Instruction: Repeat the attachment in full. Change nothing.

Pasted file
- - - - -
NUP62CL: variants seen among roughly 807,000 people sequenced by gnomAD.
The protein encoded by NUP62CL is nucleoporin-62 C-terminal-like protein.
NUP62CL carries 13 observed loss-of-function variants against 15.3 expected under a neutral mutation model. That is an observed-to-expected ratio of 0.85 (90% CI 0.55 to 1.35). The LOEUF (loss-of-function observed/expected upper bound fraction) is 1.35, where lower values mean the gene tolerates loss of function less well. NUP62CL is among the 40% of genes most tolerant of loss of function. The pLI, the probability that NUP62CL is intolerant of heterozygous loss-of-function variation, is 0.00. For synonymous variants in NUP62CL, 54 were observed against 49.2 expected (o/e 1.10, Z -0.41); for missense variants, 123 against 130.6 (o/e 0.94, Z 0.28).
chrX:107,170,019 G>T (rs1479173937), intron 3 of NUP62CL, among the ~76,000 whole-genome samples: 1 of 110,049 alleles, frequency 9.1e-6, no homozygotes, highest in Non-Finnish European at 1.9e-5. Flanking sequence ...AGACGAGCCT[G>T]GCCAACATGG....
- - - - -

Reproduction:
NUP62CL: variants seen among roughly 807,000 people sequenced by gnomAD.
The protein encoded by NUP62CL is nucleoporin-62 C-terminal-like protein.
NUP62CL carries 13 observed loss-of-function variants against 15.3 expected under a neutral mutation model. That is an observed-to-expected ratio of 0.85 (90% CI 0.55 to 1.35). The LOEUF (loss-of-function observed/expected upper bound fraction) is 1.35, where lower values mean the gene tolerates loss of function less well. NUP62CL is among the 40% of genes most tolerant of loss of function. The pLI, the probability that NUP62CL is intolerant of heterozygous loss-of-function variation, is 0.00. For synonymous variants in NUP62CL, 54 were observed against 49.2 expected (o/e 1.10, Z -0.41); for missense variants, 123 against 130.6 (o/e 0.94, Z 0.28).
chrX:107,170,019 G>T (rs1479173937), intron 3 of NUP62CL, among the ~76,000 whole-genome samples: 1 of 110,049 alleles, frequency 9.1e-6, no homozygotes, highest in Non-Finnish European at 1.9e-5. Flanking sequence ...AGACGAGCCT[G>T]GCCAACATGG....